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Engineers to be among nation's next astronauts

By Zhao Lei | China Daily | Updated: 2016-11-19 02:44

Engineers to be among nation's next astronauts

The re-entry capsule of Shenzhou XI spacecraft landed in Inner Mongolia on Friday, bringing home two astronauts from China's longest-ever manned space mission. LI GANG / XINHUA

China will start to recruit and train the third generation of its astronauts beginning next year and will turn engineers into space fliers, a senior space scientist said on Friday.

Huang Weifen, deputy research head of the Astronaut Center of China, revealed the plan at a news conference in Beijing about three hours after two Chinese astronauts returned to Earth from their monthlong space journey.

"We have finalized the plan," she said.

Huang added that to meet the requirements for a future space station, "we will expand the candidates' scope, by selecting not only pilots from the Chinese Air Force but also engineers in the space industry. Those engineers will be trained to become spaceflight technicians to take part in future missions".

The preparatory work is proceeding well, she said, adding that the success of the Shenzhou XI-Tiangong II mission has shown that China is now able to support astronauts' long-term stay in space.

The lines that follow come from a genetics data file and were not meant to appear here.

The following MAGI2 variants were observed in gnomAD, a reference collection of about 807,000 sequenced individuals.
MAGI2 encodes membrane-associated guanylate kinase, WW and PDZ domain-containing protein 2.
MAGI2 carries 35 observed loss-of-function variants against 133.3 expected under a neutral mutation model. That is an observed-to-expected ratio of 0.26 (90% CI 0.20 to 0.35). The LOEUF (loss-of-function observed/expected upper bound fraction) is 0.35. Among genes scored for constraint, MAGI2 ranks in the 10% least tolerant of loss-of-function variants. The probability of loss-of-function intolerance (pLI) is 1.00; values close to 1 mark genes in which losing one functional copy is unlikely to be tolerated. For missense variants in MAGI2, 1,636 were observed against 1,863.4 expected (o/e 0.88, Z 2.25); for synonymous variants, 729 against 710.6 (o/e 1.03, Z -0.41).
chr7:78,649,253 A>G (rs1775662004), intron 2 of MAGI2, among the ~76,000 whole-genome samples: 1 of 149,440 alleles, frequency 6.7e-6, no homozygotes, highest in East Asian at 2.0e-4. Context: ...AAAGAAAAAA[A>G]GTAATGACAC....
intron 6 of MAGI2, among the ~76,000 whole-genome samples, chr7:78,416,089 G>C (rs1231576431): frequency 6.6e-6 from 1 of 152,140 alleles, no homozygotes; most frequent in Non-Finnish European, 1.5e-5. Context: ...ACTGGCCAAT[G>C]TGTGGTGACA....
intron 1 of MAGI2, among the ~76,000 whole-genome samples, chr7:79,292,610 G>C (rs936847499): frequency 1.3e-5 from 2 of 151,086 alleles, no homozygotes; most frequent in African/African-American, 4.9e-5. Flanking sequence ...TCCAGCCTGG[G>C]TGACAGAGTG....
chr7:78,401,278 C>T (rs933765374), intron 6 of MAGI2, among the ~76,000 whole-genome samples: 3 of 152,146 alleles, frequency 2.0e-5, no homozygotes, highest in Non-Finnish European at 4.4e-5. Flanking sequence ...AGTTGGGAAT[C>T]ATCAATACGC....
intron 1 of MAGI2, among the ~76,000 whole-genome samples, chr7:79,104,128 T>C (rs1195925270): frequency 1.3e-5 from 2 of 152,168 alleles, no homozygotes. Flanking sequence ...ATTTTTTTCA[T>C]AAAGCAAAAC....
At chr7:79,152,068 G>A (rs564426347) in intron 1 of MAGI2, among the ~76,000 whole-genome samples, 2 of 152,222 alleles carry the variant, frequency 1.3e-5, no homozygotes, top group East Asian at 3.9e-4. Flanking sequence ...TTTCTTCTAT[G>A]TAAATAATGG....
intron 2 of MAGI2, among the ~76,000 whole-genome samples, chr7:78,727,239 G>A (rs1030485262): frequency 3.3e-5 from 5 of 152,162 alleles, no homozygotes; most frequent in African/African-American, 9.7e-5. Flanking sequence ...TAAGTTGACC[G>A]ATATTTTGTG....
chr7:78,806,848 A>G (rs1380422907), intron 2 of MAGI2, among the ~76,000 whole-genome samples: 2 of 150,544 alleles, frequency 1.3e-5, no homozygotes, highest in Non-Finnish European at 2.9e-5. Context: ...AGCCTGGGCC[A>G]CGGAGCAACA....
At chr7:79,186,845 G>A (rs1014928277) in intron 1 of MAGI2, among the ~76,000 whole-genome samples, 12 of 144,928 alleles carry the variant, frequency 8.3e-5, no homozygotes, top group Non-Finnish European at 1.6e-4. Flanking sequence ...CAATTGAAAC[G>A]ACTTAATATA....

Astronauts Jing Haipeng and Chen Dong returned to Earth at around 2 pm on Friday after completing China's longest-ever manned space mission.

They opened the re-entry capsule's hatch by themselves at the landing site in the Inner Mongolia autonomous region and were carried out of the capsule by medical workers.

The two were in good condition and were to be flown to Beijing on Friday evening together with their re-entry module, said a statement from the China Manned Space Agency.

Jing and Chen began the space trip aboard the Shen-zhou XI spacecraft, which departed from the Jiuquan Satellite Launch Center in Northwest China on Oct 17.

They entered Tiangong II, which was launched in mid-September from the same center, on Oct 19.

General Zhang Youxia, top leader of China's manned space program, said that the Shenzhou XI-Tiangong II mission was a "complete success".

The mission was China's sixth manned spaceflight and is expected to pave the way for a permanent space station, which the country plans to start building in 2018 and put into service in about 2022.

The space station will consist of three parts: a core module and two space labs to which it is attached, each weighing about 20 metric tons. It will operate in orbit for at least 10 years, according to the China Manned Space Agency.

Also at Friday's news conference, Wang Zhaoyao, the agency's director, said that the country will launch its first cargo spacecraft, Tianzhou 1, in the first half of next year to dock with Tiangong II.

The mission will test technologies of in-orbit fuel supply for the future space station, he said.

Currently, Tianzhou 1 is being assembled and tested. It will be lifted atop a Long March 7 rocket from the Wenchang Space Launch Center on the island province of Hainan, Wang said.

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